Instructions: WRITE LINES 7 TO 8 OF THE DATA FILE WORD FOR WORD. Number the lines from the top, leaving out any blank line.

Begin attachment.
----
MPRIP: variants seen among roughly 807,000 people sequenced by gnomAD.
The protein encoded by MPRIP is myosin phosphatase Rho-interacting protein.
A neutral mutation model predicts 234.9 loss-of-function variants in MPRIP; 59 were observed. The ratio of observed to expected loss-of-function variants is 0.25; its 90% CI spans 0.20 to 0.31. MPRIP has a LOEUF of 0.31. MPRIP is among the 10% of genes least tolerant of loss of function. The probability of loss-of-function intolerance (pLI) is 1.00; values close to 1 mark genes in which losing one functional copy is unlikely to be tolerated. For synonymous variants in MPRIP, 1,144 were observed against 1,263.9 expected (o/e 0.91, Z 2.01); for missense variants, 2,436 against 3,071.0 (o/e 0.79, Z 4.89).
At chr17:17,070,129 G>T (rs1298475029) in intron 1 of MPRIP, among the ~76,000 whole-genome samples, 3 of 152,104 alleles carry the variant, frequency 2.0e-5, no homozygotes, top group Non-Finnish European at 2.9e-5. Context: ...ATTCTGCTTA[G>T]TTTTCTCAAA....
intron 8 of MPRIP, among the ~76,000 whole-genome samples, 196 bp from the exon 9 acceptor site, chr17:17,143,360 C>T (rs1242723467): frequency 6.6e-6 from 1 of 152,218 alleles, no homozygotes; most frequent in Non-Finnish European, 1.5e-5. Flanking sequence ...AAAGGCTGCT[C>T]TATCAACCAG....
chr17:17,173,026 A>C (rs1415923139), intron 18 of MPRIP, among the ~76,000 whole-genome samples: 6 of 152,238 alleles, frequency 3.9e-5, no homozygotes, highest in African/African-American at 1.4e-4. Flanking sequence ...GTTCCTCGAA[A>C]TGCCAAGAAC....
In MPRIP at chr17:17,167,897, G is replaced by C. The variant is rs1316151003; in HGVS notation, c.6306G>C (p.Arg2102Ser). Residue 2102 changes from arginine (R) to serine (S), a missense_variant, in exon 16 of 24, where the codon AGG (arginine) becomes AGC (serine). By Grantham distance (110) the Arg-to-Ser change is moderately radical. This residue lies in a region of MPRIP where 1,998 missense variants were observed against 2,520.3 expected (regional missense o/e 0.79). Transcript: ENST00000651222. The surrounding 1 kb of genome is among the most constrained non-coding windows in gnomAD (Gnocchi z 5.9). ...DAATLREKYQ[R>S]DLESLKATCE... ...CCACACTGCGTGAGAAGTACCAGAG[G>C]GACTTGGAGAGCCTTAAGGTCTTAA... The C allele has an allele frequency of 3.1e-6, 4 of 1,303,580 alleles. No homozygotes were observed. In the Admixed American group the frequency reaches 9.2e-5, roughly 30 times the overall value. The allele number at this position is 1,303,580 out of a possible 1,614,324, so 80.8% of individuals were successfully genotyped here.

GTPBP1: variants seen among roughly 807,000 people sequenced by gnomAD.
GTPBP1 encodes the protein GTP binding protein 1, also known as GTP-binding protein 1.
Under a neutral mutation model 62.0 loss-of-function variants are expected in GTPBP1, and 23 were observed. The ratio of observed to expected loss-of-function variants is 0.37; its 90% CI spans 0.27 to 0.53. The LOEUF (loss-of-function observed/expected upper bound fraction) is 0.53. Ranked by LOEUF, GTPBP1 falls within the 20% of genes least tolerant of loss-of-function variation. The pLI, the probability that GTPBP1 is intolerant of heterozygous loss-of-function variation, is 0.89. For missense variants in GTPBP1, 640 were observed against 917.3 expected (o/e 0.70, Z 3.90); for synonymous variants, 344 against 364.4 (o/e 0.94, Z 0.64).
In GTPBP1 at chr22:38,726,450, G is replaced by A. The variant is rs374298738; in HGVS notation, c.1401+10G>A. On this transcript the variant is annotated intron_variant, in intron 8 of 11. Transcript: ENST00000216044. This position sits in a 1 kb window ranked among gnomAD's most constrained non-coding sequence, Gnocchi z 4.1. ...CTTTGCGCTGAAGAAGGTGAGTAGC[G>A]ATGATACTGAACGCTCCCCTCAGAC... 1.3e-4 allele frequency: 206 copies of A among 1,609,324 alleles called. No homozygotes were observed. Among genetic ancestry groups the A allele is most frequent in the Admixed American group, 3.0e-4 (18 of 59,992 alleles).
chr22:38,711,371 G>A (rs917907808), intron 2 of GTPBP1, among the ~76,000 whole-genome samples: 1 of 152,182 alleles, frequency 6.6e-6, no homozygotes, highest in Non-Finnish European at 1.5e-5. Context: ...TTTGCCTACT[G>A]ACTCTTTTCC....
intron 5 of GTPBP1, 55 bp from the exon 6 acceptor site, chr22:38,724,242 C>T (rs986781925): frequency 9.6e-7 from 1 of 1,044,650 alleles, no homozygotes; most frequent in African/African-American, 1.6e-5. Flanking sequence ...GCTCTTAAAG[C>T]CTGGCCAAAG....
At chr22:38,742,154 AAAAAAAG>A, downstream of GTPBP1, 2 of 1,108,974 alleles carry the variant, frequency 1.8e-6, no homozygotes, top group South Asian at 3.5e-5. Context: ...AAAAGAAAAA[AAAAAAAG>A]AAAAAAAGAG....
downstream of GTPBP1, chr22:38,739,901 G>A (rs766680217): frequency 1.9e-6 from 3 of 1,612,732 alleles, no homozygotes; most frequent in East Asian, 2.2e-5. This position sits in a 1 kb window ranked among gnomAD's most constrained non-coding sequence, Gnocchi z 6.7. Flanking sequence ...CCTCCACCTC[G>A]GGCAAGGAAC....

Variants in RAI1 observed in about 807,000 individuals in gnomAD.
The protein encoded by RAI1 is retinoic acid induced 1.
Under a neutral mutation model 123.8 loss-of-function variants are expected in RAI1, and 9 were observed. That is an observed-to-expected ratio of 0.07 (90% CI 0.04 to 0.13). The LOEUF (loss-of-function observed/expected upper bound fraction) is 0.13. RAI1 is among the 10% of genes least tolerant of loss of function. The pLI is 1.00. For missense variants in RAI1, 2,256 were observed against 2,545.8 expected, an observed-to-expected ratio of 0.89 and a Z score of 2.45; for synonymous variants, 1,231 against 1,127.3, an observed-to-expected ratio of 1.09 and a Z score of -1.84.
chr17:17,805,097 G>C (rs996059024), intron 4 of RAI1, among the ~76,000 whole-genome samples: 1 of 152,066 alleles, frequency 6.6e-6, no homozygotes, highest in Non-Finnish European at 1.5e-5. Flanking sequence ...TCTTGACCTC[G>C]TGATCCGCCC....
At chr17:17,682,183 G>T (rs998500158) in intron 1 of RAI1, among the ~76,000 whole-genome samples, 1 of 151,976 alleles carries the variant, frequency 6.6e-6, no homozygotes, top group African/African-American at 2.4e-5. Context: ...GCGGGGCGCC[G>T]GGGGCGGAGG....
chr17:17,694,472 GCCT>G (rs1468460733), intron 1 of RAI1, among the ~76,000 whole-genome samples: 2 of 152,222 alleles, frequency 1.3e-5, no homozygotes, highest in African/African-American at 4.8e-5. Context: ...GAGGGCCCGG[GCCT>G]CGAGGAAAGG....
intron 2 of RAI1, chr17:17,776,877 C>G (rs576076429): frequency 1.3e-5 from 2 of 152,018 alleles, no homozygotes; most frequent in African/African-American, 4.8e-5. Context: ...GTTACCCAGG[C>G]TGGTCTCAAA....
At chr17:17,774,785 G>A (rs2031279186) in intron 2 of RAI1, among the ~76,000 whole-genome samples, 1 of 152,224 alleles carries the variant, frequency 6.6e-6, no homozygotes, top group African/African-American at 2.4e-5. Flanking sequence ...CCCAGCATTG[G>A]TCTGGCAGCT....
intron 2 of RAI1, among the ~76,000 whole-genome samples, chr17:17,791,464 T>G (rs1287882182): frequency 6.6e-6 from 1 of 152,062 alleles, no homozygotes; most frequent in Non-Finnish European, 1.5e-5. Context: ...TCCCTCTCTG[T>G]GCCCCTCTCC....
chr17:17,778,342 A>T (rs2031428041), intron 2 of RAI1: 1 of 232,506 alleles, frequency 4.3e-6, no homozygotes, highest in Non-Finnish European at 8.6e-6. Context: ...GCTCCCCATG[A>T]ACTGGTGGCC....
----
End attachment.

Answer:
In MPRIP at chr17:17,167,897, G is replaced by C. The variant is rs1316151003; in HGVS notation, c.6306G>C (p.Arg2102Ser). Residue 2102 changes from arginine (R) to serine (S), a missense_variant, in exon 16 of 24, where the codon AGG (arginine) becomes AGC (serine). By Grantham distance (110) the Arg-to-Ser change is moderately radical. This residue lies in a region of MPRIP where 1,998 missense variants were observed against 2,520.3 expected (regional missense o/e 0.79). Transcript: ENST00000651222. The surrounding 1 kb of genome is among the most constrained non-coding windows in gnomAD (Gnocchi z 5.9). ...DAATLREKYQ[R>S]DLESLKATCE... ...CCACACTGCGTGAGAAGTACCAGAG[G>C]GACTTGGAGAGCCTTAAGGTCTTAA... The C allele has an allele frequency of 3.1e-6, 4 of 1,303,580 alleles. No homozygotes were observed. In the Admixed American group the frequency reaches 9.2e-5, roughly 30 times the overall value. The allele number at this position is 1,303,580 out of a possible 1,614,324, so 80.8% of individuals were successfully genotyped here.

GTPBP1: variants seen among roughly 807,000 people sequenced by gnomAD.